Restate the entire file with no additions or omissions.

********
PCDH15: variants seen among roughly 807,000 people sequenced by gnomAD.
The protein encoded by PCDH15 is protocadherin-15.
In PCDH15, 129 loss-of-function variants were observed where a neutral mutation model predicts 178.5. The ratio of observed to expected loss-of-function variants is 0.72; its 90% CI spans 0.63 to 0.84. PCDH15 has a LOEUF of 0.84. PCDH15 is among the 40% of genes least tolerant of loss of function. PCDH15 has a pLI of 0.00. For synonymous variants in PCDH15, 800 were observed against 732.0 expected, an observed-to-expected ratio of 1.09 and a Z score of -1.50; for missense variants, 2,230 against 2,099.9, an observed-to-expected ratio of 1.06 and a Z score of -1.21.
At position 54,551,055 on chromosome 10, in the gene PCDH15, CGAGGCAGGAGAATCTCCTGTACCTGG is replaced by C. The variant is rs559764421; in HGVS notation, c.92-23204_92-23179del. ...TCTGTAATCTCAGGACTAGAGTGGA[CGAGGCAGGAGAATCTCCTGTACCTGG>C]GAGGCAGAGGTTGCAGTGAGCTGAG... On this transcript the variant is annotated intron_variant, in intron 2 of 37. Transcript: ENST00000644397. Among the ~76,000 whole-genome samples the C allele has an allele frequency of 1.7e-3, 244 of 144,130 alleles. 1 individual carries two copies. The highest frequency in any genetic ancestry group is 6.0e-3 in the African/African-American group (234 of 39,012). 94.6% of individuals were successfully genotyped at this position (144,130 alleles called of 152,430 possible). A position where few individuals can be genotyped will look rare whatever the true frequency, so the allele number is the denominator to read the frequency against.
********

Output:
PCDH15: variants seen among roughly 807,000 people sequenced by gnomAD.
The protein encoded by PCDH15 is protocadherin-15.
In PCDH15, 129 loss-of-function variants were observed where a neutral mutation model predicts 178.5. The ratio of observed to expected loss-of-function variants is 0.72; its 90% CI spans 0.63 to 0.84. PCDH15 has a LOEUF of 0.84. PCDH15 is among the 40% of genes least tolerant of loss of function. PCDH15 has a pLI of 0.00. For synonymous variants in PCDH15, 800 were observed against 732.0 expected, an observed-to-expected ratio of 1.09 and a Z score of -1.50; for missense variants, 2,230 against 2,099.9, an observed-to-expected ratio of 1.06 and a Z score of -1.21.
At position 54,551,055 on chromosome 10, in the gene PCDH15, CGAGGCAGGAGAATCTCCTGTACCTGG is replaced by C. The variant is rs559764421; in HGVS notation, c.92-23204_92-23179del. ...TCTGTAATCTCAGGACTAGAGTGGA[CGAGGCAGGAGAATCTCCTGTACCTGG>C]GAGGCAGAGGTTGCAGTGAGCTGAG... On this transcript the variant is annotated intron_variant, in intron 2 of 37. Transcript: ENST00000644397. Among the ~76,000 whole-genome samples the C allele has an allele frequency of 1.7e-3, 244 of 144,130 alleles. 1 individual carries two copies. The highest frequency in any genetic ancestry group is 6.0e-3 in the African/African-American group (234 of 39,012). 94.6% of individuals were successfully genotyped at this position (144,130 alleles called of 152,430 possible). A position where few individuals can be genotyped will look rare whatever the true frequency, so the allele number is the denominator to read the frequency against.